My first Boulder Denver New Tech! Amazing!
The July 12, 2011 edition of BDNT featured speakers from The Unreasonable Institute, along with local favorite BumperTunes. I was really, really stoked on the international group of innovators that talked about their Unreasonable projects.
Unreasonable reminds me why I moved to Boulder. It shows a complete lack of fear for the unknown. And that’s badass.
On to the presentations:
Platform connecting musicians and their original music (jingles??) with content producers who need audio for commercials, podcasts, etc.
I was really impressed by Kit’s candidness. “It felt awesome to get money from a customer we didn’t know”. “We built the whole CMS on WordPress”. “Just get it out there”. These are things you read about in books and blogs of successful entrepreneurs, but don’t always hear broadcasted to an audience of 400. A ton of potential—maybe look at putting the payment plan on a scale to accommodate different skill/experience among musicians?
Bicycle sharing system in Mumbai.
My favorite presentation of the night; I’ve got a weakness for bicycles and Raj was hilarious.In Boulder, bCycle is convenient. In Mumbai, it could change lives. Awesome.
Microfinance platform that allows lenders to re-invest in specific projects.
Microfinance (at reasonable borrowing rates) is mostly cool with me, but I think part of this presentation went over my head. Different from Kiva, yet also partnered with Kiva? Couldn’t see the distinction. There was also some skepticism from a questioner about the for-profit model, but if that means InVenture won’t be harrassing people on the Pearl Street Mall for donations, I’m all for it. =)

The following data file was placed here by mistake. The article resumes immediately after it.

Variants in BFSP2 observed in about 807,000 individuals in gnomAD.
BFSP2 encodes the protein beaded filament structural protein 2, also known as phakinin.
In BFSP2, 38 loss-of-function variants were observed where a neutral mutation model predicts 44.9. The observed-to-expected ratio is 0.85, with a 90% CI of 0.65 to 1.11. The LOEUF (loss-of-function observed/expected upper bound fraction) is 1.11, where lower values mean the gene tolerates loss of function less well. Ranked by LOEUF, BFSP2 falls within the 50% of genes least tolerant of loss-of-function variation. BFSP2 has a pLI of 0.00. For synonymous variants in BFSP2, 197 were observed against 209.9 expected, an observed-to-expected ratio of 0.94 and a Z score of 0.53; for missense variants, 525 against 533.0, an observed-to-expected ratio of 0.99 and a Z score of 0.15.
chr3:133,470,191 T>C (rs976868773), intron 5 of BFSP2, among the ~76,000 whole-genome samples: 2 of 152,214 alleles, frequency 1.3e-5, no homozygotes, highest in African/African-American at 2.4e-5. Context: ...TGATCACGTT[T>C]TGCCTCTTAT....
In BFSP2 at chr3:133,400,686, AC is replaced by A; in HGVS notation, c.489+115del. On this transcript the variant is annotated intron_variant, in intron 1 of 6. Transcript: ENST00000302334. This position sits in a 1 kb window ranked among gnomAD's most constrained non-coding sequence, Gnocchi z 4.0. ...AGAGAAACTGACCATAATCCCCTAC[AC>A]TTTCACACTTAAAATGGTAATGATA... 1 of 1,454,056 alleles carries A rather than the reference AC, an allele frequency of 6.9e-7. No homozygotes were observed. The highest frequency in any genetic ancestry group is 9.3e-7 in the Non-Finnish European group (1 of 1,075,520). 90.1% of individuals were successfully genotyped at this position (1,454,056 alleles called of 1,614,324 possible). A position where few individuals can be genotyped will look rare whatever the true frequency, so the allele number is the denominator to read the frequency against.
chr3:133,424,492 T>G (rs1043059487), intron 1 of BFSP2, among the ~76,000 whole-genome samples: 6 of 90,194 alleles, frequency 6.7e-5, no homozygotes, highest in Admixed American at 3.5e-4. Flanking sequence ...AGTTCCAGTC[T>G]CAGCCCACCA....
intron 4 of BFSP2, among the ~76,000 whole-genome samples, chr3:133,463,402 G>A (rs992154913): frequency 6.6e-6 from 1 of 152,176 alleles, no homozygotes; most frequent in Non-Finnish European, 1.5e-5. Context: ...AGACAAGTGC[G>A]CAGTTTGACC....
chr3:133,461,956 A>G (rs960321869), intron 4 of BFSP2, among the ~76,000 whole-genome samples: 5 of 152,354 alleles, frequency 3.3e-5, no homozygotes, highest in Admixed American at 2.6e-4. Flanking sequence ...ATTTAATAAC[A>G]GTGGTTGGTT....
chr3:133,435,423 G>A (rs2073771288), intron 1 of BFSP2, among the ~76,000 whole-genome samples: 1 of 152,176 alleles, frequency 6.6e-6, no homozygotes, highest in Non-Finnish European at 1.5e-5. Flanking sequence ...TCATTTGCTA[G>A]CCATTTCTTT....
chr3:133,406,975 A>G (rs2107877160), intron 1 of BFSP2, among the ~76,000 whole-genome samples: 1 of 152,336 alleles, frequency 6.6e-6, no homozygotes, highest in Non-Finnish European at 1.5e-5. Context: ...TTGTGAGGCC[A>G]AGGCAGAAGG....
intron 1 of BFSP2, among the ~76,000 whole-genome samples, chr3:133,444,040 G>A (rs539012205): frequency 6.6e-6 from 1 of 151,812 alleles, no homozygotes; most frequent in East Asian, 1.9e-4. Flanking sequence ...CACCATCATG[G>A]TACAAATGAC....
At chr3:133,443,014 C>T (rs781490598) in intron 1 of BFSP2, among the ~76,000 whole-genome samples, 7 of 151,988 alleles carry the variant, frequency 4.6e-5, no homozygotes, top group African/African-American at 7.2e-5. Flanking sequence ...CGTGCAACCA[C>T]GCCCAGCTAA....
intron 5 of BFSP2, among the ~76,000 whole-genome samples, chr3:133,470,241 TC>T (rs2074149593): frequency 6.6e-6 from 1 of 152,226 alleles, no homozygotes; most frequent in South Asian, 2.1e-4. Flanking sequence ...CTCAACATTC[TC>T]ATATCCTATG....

Anemia testing technology that doesn’t require a blood prick.
Another great presenter (the two Indian dudes knocked it out of the park). Compelling, simple solution to what’s obviously a huge problem. I think the model is also applicable to tons of other diseases/conditions in the developing world.
More efficient solar water heaters for the developing world
From a dollars and cents perspective, I think this has the most potential of any presentation. They’re tapping into an enormous (and obviously growing) market, with a superior product (at least to the untrained eye). Having spent a month in Guatemala last year and risked similar genital-electrification (gentrification??), I can testify that it addresses a pressing need.
Cheap effective water filters for disaster response
Immediately grabbed my attention: “what the hell is that huge camelbak?” As a New Orleanian, this one resonated. If America can’t solve water-supply issues in its own backyard, obviously something disruptive needs to happen to provide water after disasters in places like Haiti, Africa, etc. I dug Robert Reich’s suggestion of a TOMs model: when an outdoorsman in the States buys a filtering system, one is donated to an NGO working in the developing world.
To sum it up:
I don’t know much about the genesis of The Unreasonable Institute, but I picture a powerful blend of quiet humility and dogged determination to build something great. It’s humble: by the very definition of its mission the Institute promotes the advancement of others. And yet, it’s great for the same reason: each successfully incubated startup builds up the reputation and brand. That’s a pretty amazing, self-sustaining loop, especially when you think about the scale of the startups above: one homerun could change the lives of millions.